“One of the concerns that has been expressed to me is that we’re getting [fewer] overlapping hotspots,” Barratt said. “For a lot of the smaller, more frequently compromised merchants there has been a large drop off in transactions. Whilst big e-commerce has generally done okay during the COVID-19 pandemic, a number of more modest sized or specialty online retailers have not had the same access to their supply chain and so have had to close or drastically reduce the lines they’re selling.”
Banks routinely take groups of customer cards that have experienced fraudulent activity and try to see if some or all of them were used at the same merchant during a similar timeframe, a basic anti-fraud process known as “common point of purchase” or CPP analysis. But ironically, this analysis can become more challenging when there are fewer overall transactions going through a compromised merchant’s site, Barratt said.
“With a smaller transactional footprint means less Common Point of Purchase alerts and less data to work on to trigger a forensic investigation or fraud alert,” Barratt said. “It does also mean less fraud right now – which is a positive. But one of the big concerns that has been raised to us as investigators — literally asking if we have capacity for what’s coming — has been that merchants are getting compromised by ‘lie in wait’ type intruders.”
Barratt says there’s a suspicion that hackers may have established beachheads [breachheads?] in a number of these smaller online merchants and are simply biding their time. If and when transaction volumes for these merchants do pick up, the concern is then hackers may be in a better position to mix the sale of cards stolen from many hacked merchants and further confound CPP analysis efforts.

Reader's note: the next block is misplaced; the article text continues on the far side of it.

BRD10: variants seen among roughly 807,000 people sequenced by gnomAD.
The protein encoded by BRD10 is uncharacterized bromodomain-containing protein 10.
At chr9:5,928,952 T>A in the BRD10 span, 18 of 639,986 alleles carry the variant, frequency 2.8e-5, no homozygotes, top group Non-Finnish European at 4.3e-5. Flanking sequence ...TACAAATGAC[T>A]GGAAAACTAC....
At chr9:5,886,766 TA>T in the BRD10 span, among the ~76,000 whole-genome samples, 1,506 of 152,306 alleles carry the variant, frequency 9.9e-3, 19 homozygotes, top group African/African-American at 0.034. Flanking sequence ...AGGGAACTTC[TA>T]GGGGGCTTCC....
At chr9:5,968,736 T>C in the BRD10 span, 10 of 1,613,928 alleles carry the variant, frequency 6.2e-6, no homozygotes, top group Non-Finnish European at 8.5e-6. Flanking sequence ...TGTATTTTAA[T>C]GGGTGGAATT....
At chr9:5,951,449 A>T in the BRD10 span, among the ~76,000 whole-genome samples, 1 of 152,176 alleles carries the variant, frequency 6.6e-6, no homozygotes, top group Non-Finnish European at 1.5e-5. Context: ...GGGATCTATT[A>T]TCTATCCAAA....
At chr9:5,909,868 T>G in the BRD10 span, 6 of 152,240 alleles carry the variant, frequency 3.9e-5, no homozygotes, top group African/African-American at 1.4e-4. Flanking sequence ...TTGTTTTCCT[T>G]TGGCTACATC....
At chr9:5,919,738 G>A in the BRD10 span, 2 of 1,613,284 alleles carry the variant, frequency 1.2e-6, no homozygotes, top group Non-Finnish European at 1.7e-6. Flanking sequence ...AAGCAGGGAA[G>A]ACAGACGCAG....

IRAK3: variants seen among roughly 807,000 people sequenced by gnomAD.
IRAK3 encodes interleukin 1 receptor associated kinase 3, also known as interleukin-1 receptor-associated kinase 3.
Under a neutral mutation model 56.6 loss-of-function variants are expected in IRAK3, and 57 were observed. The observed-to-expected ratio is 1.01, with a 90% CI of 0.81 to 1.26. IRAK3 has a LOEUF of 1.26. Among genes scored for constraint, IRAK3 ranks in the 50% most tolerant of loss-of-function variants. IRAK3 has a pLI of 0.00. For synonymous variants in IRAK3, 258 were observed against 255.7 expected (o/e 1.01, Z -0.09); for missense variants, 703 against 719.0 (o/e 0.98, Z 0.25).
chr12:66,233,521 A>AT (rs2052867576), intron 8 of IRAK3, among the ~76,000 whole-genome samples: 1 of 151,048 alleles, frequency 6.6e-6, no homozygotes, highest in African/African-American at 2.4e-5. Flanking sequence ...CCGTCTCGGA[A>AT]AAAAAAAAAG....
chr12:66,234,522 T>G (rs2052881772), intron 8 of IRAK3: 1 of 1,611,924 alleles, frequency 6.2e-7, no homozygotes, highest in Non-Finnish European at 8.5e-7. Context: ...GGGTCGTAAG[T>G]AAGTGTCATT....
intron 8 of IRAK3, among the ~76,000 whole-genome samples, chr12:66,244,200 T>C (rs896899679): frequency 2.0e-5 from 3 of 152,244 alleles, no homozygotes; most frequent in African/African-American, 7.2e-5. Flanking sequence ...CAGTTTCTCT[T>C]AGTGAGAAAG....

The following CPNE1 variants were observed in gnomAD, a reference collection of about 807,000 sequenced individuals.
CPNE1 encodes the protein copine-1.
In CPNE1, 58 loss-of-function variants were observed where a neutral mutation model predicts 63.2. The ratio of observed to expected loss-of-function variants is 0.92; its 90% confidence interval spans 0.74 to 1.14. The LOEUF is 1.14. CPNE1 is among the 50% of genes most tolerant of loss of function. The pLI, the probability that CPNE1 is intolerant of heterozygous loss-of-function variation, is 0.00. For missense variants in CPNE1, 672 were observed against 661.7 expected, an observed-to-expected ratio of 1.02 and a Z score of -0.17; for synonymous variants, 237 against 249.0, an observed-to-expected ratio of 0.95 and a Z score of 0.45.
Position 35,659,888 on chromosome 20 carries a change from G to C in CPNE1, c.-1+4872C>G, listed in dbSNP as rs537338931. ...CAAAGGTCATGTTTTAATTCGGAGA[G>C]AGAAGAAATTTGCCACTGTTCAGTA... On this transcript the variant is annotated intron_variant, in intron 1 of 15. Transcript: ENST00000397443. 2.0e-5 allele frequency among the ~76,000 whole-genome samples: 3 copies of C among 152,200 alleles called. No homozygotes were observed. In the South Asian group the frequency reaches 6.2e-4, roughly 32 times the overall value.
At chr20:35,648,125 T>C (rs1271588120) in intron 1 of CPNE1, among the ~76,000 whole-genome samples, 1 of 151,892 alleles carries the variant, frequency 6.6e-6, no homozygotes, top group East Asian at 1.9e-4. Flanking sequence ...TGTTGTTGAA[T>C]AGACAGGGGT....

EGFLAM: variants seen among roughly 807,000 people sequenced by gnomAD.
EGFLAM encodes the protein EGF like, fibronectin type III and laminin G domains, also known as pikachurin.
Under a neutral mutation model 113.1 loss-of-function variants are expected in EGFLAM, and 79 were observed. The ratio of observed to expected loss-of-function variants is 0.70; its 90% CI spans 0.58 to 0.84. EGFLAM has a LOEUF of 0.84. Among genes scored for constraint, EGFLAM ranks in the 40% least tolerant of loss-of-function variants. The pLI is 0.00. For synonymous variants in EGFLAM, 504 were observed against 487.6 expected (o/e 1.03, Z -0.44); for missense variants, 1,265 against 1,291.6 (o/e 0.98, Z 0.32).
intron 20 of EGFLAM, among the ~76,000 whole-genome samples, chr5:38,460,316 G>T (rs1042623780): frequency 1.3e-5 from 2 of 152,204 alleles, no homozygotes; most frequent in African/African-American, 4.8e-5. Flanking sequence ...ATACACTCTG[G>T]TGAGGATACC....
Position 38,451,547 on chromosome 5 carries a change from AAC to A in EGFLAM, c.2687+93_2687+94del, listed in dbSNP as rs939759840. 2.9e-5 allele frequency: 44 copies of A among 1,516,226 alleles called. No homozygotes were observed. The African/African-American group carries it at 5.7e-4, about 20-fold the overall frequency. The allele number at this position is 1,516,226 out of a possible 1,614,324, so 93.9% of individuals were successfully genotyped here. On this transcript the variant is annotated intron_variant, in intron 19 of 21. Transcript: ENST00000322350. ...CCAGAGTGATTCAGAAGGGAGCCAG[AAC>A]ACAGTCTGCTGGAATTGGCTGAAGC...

“These intruders may have a beachhead in a number of small and/or middle market e-commerce entities and they’re just waiting for the transaction volumes to go back up again and they’ve suddenly got the capability to have skimmers capturing lots of card data in the event of a sudden uptick in consumer spending,” he said. “They’d also have a diverse portfolio of compromise so could possibly even evade common point of purchase detection for a while too. Couple all of that with major shopping cart platforms going out of support (like Magento 1 this month) and furloughed IT and security staff, and there’s a potentially large COVID-19 breach bubble waiting to pop.”
With a majority of payment cards issued in the United States now equipped with a chip that makes the cards difficult and expensive for thieves to clone, cybercriminals have continued to focus on hacking smaller merchants that have not yet installed chip card readers and are still swiping the cards’ magnetic stripe at the register.
Barratt said his company has tied the source of the breach to malware known as “PwnPOS,” an ancient strain of point-of-sale malware that first surfaced more than seven years ago, if not earlier.
Chicken Express CEO Ricky Stuart told KrebsOnSecurity that apart from “a handful” of locations his family owns directly, most of his 250 stores are franchisees that decide on their own how to secure their payment operations. Nevertheless, the company is now forced to examine each store’s POS systems to remediate the breach.
Stuart blamed the major point-of-sale vendors for taking their time in supporting and validating chip-capable payment systems. But when asked how many of the company’s 250 stores had chip-capable readers installed, Stuart said he didn’t know. Ditto for the handful of stores he owns directly.
“I don’t know how many,” he said. “I would think it would be a majority. If not, I know they’re coming.”